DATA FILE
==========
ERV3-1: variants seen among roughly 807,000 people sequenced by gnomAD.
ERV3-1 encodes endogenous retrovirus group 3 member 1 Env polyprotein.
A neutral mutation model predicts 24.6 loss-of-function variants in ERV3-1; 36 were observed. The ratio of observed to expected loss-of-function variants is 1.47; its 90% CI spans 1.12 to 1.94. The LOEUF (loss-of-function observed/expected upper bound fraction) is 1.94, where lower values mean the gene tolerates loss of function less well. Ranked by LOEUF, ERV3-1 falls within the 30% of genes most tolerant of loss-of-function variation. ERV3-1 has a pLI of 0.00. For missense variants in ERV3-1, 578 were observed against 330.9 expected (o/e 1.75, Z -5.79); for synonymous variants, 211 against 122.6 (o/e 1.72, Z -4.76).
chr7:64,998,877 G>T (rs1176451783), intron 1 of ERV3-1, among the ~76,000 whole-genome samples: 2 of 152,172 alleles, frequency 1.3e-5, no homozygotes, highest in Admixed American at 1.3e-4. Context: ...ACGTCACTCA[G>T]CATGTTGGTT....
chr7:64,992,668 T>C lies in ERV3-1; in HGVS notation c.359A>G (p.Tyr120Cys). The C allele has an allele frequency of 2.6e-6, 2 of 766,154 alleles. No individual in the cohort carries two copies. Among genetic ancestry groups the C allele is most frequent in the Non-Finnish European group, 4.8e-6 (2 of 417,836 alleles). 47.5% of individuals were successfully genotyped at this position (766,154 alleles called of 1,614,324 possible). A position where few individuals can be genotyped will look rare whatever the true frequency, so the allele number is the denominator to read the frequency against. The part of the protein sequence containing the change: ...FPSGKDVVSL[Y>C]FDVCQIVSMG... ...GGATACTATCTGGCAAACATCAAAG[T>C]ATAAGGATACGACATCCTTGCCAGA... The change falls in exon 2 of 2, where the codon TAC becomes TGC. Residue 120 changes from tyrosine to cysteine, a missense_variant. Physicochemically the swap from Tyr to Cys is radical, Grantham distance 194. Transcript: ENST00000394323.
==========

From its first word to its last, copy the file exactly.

ERV3-1: variants seen among roughly 807,000 people sequenced by gnomAD.
ERV3-1 encodes endogenous retrovirus group 3 member 1 Env polyprotein.
A neutral mutation model predicts 24.6 loss-of-function variants in ERV3-1; 36 were observed. The ratio of observed to expected loss-of-function variants is 1.47; its 90% CI spans 1.12 to 1.94. The LOEUF (loss-of-function observed/expected upper bound fraction) is 1.94, where lower values mean the gene tolerates loss of function less well. Ranked by LOEUF, ERV3-1 falls within the 30% of genes most tolerant of loss-of-function variation. ERV3-1 has a pLI of 0.00. For missense variants in ERV3-1, 578 were observed against 330.9 expected (o/e 1.75, Z -5.79); for synonymous variants, 211 against 122.6 (o/e 1.72, Z -4.76).
chr7:64,998,877 G>T (rs1176451783), intron 1 of ERV3-1, among the ~76,000 whole-genome samples: 2 of 152,172 alleles, frequency 1.3e-5, no homozygotes, highest in Admixed American at 1.3e-4. Context: ...ACGTCACTCA[G>T]CATGTTGGTT....
chr7:64,992,668 T>C lies in ERV3-1; in HGVS notation c.359A>G (p.Tyr120Cys). The C allele has an allele frequency of 2.6e-6, 2 of 766,154 alleles. No individual in the cohort carries two copies. Among genetic ancestry groups the C allele is most frequent in the Non-Finnish European group, 4.8e-6 (2 of 417,836 alleles). 47.5% of individuals were successfully genotyped at this position (766,154 alleles called of 1,614,324 possible). A position where few individuals can be genotyped will look rare whatever the true frequency, so the allele number is the denominator to read the frequency against. The part of the protein sequence containing the change: ...FPSGKDVVSL[Y>C]FDVCQIVSMG... ...GGATACTATCTGGCAAACATCAAAG[T>C]ATAAGGATACGACATCCTTGCCAGA... The change falls in exon 2 of 2, where the codon TAC becomes TGC. Residue 120 changes from tyrosine to cysteine, a missense_variant. Physicochemically the swap from Tyr to Cys is radical, Grantham distance 194. Transcript: ENST00000394323.